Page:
Blended learning continues to trend upward, massively open online courses still haven't caught on and digital equity is a fast-rising challenge. These are some of the findings from the latest report from the New Media Consortium released Wednesday, Feb. 15, on higher education trends, challenges and technologies.
The report identifies common threads in 2017 and the last five years that connect some of the major issues confronting higher education. For the last 15 years, the consortium has been putting together reports designed to help education leaders plan ahead for trends, challenges and technologies that could affect their institutions.
Blended learning has appeared on each list of trends over the last six years as universities figure out how to mix in-person classes with online resources. For the previous five years, competition from new models of education made the challenges list as informal learning spaces and for-profit colleges made major headway, said Samantha Becker, one of the report's authors. And learning analytics showed up as a top technology influencer for a three-year streak, then reappeared again in 2016 as colleges continue to focus on measuring learning and improving student retention.
The longevity of these three areas reveals higher education's long-term focus. And it also means that university leaders who haven't been creating strategic plans that include these three will be left behind, Becker said.
"It's a matter of survival and maintaining relevance," she said.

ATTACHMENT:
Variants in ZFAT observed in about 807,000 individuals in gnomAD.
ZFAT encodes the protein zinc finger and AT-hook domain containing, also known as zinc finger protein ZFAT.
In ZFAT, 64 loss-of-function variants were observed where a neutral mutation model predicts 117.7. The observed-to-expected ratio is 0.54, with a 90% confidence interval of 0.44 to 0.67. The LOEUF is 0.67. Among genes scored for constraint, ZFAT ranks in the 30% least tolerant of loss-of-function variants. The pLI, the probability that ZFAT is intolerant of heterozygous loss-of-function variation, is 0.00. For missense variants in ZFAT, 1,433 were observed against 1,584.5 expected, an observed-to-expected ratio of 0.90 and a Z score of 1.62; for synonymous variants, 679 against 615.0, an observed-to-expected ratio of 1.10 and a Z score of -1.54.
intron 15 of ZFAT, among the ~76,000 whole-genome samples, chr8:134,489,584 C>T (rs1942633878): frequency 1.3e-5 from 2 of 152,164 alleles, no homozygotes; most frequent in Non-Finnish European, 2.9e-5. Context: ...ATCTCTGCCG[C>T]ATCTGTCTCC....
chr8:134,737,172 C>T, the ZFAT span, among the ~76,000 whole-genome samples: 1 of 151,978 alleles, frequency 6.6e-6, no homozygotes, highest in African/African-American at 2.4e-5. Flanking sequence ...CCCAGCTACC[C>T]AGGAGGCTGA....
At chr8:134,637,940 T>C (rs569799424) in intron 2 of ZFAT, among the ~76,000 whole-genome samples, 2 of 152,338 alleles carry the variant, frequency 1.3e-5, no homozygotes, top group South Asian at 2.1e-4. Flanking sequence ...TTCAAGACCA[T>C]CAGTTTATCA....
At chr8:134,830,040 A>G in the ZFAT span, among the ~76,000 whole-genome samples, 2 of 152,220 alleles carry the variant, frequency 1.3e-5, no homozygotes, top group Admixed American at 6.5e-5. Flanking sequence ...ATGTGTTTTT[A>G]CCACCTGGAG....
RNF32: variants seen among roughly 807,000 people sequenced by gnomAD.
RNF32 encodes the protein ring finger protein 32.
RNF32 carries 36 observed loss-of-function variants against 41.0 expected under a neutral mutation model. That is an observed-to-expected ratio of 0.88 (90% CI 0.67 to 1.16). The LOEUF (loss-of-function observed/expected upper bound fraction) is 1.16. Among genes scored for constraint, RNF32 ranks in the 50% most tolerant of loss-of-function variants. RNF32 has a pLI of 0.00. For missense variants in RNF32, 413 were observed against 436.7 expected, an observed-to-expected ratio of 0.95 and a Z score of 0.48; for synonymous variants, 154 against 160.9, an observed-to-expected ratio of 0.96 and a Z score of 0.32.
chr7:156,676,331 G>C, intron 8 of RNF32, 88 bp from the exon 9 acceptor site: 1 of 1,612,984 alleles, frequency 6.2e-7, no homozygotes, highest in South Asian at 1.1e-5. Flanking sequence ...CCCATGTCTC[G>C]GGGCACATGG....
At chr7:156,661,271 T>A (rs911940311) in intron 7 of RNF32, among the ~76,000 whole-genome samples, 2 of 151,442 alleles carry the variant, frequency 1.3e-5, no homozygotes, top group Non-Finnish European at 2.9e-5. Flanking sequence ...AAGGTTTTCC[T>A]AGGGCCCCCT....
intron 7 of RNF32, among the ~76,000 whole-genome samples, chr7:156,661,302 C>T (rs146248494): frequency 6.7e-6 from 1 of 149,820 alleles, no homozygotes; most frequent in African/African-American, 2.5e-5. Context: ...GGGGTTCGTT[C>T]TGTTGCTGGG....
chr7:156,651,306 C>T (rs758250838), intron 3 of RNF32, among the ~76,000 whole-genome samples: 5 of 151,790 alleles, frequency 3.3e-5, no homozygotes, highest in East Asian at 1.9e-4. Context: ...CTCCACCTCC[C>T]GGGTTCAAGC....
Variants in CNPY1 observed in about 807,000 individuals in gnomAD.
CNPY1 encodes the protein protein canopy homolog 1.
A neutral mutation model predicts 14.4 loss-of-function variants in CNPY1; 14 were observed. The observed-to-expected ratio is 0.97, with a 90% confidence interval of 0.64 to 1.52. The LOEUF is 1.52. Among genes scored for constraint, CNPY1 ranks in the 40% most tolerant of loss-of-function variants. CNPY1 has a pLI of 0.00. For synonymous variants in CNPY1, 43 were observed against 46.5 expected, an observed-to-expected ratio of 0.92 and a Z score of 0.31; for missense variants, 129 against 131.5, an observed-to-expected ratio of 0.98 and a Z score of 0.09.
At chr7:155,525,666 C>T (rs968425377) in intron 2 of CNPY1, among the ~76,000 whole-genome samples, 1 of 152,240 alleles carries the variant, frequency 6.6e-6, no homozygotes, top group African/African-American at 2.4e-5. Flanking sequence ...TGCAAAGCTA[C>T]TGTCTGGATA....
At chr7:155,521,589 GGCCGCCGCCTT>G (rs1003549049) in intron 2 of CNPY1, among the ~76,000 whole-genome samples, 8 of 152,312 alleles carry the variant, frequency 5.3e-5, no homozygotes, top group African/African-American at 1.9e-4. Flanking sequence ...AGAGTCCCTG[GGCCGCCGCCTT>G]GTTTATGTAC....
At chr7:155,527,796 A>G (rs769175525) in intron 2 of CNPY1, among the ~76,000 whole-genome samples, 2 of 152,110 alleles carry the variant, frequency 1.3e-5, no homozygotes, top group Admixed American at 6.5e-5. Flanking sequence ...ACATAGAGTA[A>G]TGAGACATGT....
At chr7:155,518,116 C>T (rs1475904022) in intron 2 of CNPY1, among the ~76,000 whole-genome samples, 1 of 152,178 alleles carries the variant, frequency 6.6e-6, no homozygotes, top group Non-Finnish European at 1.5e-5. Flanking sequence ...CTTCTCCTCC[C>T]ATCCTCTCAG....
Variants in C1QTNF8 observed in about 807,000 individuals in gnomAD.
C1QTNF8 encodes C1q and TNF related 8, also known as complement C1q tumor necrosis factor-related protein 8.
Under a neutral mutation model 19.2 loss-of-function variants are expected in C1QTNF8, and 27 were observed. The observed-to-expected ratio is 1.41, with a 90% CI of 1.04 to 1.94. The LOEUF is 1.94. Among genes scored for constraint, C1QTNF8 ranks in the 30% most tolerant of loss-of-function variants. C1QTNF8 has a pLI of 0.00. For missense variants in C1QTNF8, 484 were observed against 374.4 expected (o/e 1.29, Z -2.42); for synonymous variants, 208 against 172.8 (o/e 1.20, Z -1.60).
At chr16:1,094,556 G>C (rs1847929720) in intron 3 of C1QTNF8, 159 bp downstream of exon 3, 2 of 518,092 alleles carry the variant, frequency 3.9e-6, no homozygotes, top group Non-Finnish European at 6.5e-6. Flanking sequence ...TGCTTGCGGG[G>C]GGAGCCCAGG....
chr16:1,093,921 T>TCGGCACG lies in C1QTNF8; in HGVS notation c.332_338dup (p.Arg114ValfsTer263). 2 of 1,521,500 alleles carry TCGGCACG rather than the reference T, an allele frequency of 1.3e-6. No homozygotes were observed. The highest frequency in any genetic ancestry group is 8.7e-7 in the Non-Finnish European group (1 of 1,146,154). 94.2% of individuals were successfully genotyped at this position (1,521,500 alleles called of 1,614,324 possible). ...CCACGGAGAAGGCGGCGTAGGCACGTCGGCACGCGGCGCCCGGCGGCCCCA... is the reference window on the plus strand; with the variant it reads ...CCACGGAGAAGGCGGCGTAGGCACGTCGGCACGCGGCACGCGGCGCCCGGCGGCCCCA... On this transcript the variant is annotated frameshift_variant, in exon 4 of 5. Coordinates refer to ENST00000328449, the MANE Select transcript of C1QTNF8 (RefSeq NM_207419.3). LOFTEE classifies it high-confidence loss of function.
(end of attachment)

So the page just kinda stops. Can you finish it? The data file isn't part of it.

Even technologies or trends that just appeared on the report for one or two years have something to teach higher education leaders. They're not failed technologies, but rather they force education leaders to start serious conversations about what they're doing, Becker noted.
For example, massively open online courses appeared in the 2013 report on a wave of hype and promise to educate students worldwide at low or no cost, but they didn't become mainstream.
"While it's debatable whether those have been super-effective yet, what they did tell us is to frankly evaluate whether traditional models are working or not," Becker said.
In 2017, the report included two new challenges for higher ed leaders to tackle: the achievement gap and digital equity. Not every student has access to high-speed broadband and knows how to stay on track to graduate, particularly students who are the first in their family to attend college, come from a low-income family and belong to a minority group.
That's where data-rich student advising can play a major role as colleges continue to look for answers in the data that show them what helps students succeed and where students might stumble. Adaptive learning tools can also help identify where students are in their learning, what holes they need to fill and provide resources to fill them.
And on the technology front, two new tools appeared on the higher ed list for the first time in 2017: next-generation learning management systems and artificial intelligence. Similarly, the report included six big-picture themes that stretch across the 18 trends, challenges and tools to watch this year. It will also be translated into six languages so more educators around the world can learn from them. In fact, the expert panel that ultimately chose the topics to include in this report represent 22 countries and included many examples from around the world.
Becker said, "It's really important for us to be able to shine a light on the trends and challenges that are happening everywhere."
For more details, check out the report.